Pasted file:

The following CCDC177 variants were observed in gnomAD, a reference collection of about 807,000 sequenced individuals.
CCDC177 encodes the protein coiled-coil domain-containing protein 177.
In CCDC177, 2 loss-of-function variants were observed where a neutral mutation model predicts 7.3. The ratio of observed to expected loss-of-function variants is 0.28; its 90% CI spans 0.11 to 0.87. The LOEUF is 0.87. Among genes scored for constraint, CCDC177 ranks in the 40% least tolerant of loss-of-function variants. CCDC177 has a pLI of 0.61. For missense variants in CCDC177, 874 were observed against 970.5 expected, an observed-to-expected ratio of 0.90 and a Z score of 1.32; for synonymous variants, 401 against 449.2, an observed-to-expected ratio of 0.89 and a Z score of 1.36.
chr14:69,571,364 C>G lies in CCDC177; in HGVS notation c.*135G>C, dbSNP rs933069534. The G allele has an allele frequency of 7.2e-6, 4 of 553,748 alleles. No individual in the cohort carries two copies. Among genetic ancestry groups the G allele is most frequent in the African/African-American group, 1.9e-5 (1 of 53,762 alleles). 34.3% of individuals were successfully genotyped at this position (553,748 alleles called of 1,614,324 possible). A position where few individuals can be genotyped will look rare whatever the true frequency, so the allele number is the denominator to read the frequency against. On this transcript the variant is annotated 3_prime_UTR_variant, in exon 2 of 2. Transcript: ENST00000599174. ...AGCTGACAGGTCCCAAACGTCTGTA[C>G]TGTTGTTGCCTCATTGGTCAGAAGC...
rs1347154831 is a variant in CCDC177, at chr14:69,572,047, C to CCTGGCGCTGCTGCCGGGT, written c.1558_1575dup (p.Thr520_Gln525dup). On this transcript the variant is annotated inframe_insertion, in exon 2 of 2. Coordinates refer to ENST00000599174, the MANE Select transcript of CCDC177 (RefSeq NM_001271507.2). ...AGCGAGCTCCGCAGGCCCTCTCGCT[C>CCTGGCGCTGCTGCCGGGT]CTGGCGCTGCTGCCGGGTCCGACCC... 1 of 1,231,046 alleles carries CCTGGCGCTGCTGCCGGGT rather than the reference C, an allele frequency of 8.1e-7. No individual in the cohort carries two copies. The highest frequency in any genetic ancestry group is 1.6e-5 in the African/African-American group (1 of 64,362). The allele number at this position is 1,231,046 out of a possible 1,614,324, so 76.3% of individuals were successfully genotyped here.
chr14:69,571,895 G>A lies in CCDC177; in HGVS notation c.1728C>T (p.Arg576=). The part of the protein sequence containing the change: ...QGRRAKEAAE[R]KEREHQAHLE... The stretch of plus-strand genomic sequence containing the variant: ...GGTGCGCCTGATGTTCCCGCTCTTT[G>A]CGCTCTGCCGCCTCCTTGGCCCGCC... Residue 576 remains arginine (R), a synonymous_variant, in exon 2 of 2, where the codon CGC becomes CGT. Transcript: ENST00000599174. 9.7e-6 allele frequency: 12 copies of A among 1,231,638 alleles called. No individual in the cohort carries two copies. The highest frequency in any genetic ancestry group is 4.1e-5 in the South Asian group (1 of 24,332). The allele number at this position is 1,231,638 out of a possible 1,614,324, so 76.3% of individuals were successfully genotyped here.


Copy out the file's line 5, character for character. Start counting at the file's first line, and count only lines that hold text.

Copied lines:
rs1347154831 is a variant in CCDC177, at chr14:69,572,047, C to CCTGGCGCTGCTGCCGGGT, written c.1558_1575dup (p.Thr520_Gln525dup). On this transcript the variant is annotated inframe_insertion, in exon 2 of 2. Coordinates refer to ENST00000599174, the MANE Select transcript of CCDC177 (RefSeq NM_001271507.2). ...AGCGAGCTCCGCAGGCCCTCTCGCT[C>CCTGGCGCTGCTGCCGGGT]CTGGCGCTGCTGCCGGGTCCGACCC... 1 of 1,231,046 alleles carries CCTGGCGCTGCTGCCGGGT rather than the reference C, an allele frequency of 8.1e-7. No individual in the cohort carries two copies. The highest frequency in any genetic ancestry group is 1.6e-5 in the African/African-American group (1 of 64,362). The allele number at this position is 1,231,046 out of a possible 1,614,324, so 76.3% of individuals were successfully genotyped here.